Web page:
Washing Clothes the Old Fashioned Way

Julia Earl
Preventing Harm Minnesota

Many readers may be familiar with cleaning their home with homemade non-toxic cleaners. Have you thought about washing your laundry the same way? It’s a great way to save money, reduce the amount of pollution entering our water, improve human health downstream from us and… clean our clothes without using a wash board!


Based on research and conversations with people who have tried making their own laundry detergent, there are three consistent ingredients:

  1. Washing soda (Arm and Hammer Super Washing Soda®)
  2. Borax (20 Mule Team Borax®)
  3. Bar soap (suggestions include : Fels Naptha, Ivory® Bar Soap and Pure and Natural®)

Bar Soaps

A word about bar soaps—for the most environmentally and human health friendly formula—check the Material Data Safety Sheet (MSDS) for more information regarding the ingredients and their potential toxicity. The MSDS will provide information on sensitization, carcinogenicity, mutagenicity, reproductive/fetal/developmental toxicity and target organ toxicity. For example, none of the ingredients in Fels Naptha® are known to cause these problems. Also be sure to use a soap that is not labeled anti-bacterial. (Many MSDS sheets may be accessed for free using the internet at msdssearch.com and msdsonline.com. Another option is to go to the specific product website and then search for the MSDS from there. A third option is to enter the “product name + MSDS” in a search engine.)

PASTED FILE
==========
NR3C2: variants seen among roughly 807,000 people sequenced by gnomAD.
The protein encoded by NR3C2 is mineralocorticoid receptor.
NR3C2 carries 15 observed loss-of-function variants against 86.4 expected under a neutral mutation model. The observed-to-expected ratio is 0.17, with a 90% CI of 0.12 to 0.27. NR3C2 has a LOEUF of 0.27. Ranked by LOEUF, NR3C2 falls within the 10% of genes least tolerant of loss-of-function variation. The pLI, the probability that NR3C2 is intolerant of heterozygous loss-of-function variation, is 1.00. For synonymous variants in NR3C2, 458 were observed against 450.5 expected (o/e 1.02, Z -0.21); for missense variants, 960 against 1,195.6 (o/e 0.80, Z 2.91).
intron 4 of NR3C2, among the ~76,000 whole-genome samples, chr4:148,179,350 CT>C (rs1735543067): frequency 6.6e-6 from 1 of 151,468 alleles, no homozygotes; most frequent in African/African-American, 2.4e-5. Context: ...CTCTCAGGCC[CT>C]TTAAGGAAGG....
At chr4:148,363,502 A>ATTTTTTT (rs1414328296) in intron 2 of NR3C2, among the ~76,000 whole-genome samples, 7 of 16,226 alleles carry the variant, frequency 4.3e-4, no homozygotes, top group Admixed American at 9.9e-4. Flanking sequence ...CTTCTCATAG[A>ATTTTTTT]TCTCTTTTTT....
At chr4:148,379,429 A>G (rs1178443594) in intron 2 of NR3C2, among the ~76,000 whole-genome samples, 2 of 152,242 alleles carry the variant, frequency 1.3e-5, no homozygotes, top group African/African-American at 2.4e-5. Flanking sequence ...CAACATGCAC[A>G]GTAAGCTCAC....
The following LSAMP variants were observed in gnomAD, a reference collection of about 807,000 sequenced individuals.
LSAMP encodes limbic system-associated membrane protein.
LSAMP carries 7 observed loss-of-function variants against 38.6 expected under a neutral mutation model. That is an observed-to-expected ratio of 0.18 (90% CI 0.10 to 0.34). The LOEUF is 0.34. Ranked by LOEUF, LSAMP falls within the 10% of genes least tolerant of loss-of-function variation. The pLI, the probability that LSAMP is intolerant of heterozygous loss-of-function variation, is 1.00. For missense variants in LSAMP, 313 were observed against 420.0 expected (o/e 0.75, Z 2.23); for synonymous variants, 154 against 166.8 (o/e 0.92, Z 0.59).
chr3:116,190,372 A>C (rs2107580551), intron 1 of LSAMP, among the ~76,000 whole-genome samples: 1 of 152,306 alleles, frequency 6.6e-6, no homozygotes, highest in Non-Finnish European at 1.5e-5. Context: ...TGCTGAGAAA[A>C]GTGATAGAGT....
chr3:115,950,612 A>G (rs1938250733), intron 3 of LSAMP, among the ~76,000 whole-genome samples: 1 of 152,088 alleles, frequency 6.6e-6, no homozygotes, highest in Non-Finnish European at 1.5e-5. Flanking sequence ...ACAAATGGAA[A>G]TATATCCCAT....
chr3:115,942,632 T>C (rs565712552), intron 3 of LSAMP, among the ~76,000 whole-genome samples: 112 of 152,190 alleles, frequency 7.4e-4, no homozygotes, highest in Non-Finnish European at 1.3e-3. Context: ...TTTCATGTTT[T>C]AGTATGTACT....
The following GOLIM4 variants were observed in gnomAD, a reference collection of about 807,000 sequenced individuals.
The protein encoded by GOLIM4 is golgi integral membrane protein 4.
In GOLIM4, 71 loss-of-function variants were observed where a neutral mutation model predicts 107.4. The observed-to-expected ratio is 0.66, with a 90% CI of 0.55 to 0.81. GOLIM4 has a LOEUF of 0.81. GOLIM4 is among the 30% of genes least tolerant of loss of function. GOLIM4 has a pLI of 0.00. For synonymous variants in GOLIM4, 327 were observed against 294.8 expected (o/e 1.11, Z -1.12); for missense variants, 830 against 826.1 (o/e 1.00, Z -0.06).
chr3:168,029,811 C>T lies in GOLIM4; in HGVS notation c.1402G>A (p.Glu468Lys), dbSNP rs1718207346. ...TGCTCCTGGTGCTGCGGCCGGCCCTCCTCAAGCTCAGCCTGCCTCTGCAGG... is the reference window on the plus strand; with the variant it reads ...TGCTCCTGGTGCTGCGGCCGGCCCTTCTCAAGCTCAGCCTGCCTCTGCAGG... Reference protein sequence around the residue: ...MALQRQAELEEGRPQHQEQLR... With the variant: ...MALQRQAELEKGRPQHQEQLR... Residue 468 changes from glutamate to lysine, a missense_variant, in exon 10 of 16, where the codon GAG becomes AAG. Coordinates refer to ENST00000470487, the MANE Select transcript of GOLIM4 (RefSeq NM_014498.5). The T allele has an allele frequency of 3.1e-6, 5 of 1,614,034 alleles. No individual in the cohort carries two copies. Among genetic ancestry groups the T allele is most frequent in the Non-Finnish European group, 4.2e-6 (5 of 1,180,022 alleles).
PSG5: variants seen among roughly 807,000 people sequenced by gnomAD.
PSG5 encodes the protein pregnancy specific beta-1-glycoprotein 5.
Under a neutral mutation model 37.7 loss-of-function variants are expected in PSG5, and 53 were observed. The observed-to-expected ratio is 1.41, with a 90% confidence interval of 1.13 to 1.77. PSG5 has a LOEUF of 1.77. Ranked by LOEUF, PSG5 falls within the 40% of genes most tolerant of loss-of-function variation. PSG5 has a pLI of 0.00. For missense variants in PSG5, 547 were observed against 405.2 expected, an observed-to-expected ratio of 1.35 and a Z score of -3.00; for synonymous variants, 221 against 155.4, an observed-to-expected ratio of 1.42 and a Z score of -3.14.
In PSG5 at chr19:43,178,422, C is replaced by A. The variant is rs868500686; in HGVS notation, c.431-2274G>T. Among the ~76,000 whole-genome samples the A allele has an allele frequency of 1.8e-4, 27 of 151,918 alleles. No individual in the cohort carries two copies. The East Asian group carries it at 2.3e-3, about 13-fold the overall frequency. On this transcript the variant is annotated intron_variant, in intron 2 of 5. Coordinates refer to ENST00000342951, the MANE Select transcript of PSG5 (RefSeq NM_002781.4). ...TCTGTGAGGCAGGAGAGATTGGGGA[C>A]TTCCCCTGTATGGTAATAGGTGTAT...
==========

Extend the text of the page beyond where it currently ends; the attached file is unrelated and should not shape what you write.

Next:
NOTE: Some of the products noted above may be challenging to find in conventional stores. First, try the grocery store, co-op, hardware store or box store in the laundry and soap sections. Second, ask the manager to order some if it’s not available. If those avenues fail, the internet is the next best alternative.

Read Up

Naturally Clean: The Seventh Generation Guide to Safe & Healthy Non-Toxic Cleaning by Jeffery Hollender and Geoff Davis. New Society Publishers Gabriola Island 2006.

Healthy Child Healthy World: Creating a Cleaner Greener Safer Home by Christopher Gavigan. Plume 2008.


Recipes include dry formulas of shaved bar soap mixed with washing soda and Borax, while wet formulas include water and entails boiling the mixture together to create a liquid soap. Some examples include the following:

Dry Recipe

  • 1 bar of shaved bar soap
  • ½ cup of borax
  • ½ cup of washing soda

Thoroughly stir together for five minutes. Use one tablespoon per load and two tablespoons for heavily soiled clothes. Cost: $.05/load. Several sources indicate that this recipe is fine for high efficiency (HE) washers as well because it is a low sudsing formula. This process may be found at debtfreeadventure.com.

Wet Recipe

  • 1½ pints water
  • 1/3 bar of soap, shaved
  • ½ cup borax
  • ½ cup washing soda

Mix shaved soap with water and place in pot on stove over low heat until the soap has completely dissolved. Then add Borax and Washing Soda. Continue to stir over heat until they have dissolved. Allow to cool slightly and pour into an empty one gallon clean container such as a milk carton or laundry detergent bottle. Then add hot tap water and fill container the rest of the way. Alternative: Heat one gallon of water at the beginning and add ingredients as described above. The mixture will look goopy—and that’s normal.

Washing Clothes

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